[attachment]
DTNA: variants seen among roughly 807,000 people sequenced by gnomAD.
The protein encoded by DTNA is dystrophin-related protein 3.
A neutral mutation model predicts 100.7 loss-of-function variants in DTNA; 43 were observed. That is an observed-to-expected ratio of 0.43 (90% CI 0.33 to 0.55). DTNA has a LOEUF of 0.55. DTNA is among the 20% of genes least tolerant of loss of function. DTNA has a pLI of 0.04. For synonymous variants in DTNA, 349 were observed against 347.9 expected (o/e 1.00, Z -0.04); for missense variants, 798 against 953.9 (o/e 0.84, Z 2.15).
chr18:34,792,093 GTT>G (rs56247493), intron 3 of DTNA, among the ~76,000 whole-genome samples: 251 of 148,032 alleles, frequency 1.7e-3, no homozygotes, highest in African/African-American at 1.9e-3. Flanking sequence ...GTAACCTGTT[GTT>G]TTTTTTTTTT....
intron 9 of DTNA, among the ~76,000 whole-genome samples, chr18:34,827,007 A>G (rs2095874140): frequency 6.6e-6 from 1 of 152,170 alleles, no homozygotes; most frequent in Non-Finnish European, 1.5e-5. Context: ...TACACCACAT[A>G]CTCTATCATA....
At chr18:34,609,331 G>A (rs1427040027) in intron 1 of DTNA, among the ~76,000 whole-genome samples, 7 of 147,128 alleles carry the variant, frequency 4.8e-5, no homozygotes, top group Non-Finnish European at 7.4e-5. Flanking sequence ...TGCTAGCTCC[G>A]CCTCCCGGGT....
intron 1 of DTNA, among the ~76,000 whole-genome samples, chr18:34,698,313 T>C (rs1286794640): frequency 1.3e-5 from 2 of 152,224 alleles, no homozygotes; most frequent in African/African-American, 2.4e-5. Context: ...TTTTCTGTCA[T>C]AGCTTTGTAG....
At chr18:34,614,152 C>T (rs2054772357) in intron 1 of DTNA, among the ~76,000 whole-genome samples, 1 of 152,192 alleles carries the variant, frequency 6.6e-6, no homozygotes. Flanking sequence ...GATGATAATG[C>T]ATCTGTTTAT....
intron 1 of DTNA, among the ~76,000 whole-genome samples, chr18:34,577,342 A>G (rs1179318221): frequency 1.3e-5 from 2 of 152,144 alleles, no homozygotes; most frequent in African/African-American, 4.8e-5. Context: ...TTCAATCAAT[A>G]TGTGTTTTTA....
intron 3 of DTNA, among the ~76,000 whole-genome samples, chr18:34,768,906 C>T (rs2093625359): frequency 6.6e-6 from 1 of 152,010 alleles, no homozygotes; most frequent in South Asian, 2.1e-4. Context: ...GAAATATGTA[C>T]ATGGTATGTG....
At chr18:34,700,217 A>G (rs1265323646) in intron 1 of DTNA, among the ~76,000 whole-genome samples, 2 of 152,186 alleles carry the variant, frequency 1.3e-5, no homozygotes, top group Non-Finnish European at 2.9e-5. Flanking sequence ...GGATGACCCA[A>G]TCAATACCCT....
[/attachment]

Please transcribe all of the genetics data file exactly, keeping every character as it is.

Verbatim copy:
DTNA: variants seen among roughly 807,000 people sequenced by gnomAD.
The protein encoded by DTNA is dystrophin-related protein 3.
A neutral mutation model predicts 100.7 loss-of-function variants in DTNA; 43 were observed. That is an observed-to-expected ratio of 0.43 (90% CI 0.33 to 0.55). DTNA has a LOEUF of 0.55. DTNA is among the 20% of genes least tolerant of loss of function. DTNA has a pLI of 0.04. For synonymous variants in DTNA, 349 were observed against 347.9 expected (o/e 1.00, Z -0.04); for missense variants, 798 against 953.9 (o/e 0.84, Z 2.15).
chr18:34,792,093 GTT>G (rs56247493), intron 3 of DTNA, among the ~76,000 whole-genome samples: 251 of 148,032 alleles, frequency 1.7e-3, no homozygotes, highest in African/African-American at 1.9e-3. Flanking sequence ...GTAACCTGTT[GTT>G]TTTTTTTTTT....
intron 9 of DTNA, among the ~76,000 whole-genome samples, chr18:34,827,007 A>G (rs2095874140): frequency 6.6e-6 from 1 of 152,170 alleles, no homozygotes; most frequent in Non-Finnish European, 1.5e-5. Context: ...TACACCACAT[A>G]CTCTATCATA....
At chr18:34,609,331 G>A (rs1427040027) in intron 1 of DTNA, among the ~76,000 whole-genome samples, 7 of 147,128 alleles carry the variant, frequency 4.8e-5, no homozygotes, top group Non-Finnish European at 7.4e-5. Flanking sequence ...TGCTAGCTCC[G>A]CCTCCCGGGT....
intron 1 of DTNA, among the ~76,000 whole-genome samples, chr18:34,698,313 T>C (rs1286794640): frequency 1.3e-5 from 2 of 152,224 alleles, no homozygotes; most frequent in African/African-American, 2.4e-5. Context: ...TTTTCTGTCA[T>C]AGCTTTGTAG....
At chr18:34,614,152 C>T (rs2054772357) in intron 1 of DTNA, among the ~76,000 whole-genome samples, 1 of 152,192 alleles carries the variant, frequency 6.6e-6, no homozygotes. Flanking sequence ...GATGATAATG[C>T]ATCTGTTTAT....
intron 1 of DTNA, among the ~76,000 whole-genome samples, chr18:34,577,342 A>G (rs1179318221): frequency 1.3e-5 from 2 of 152,144 alleles, no homozygotes; most frequent in African/African-American, 4.8e-5. Context: ...TTCAATCAAT[A>G]TGTGTTTTTA....
intron 3 of DTNA, among the ~76,000 whole-genome samples, chr18:34,768,906 C>T (rs2093625359): frequency 6.6e-6 from 1 of 152,010 alleles, no homozygotes; most frequent in South Asian, 2.1e-4. Context: ...GAAATATGTA[C>T]ATGGTATGTG....
At chr18:34,700,217 A>G (rs1265323646) in intron 1 of DTNA, among the ~76,000 whole-genome samples, 2 of 152,186 alleles carry the variant, frequency 1.3e-5, no homozygotes, top group Non-Finnish European at 2.9e-5. Flanking sequence ...GGATGACCCA[A>G]TCAATACCCT....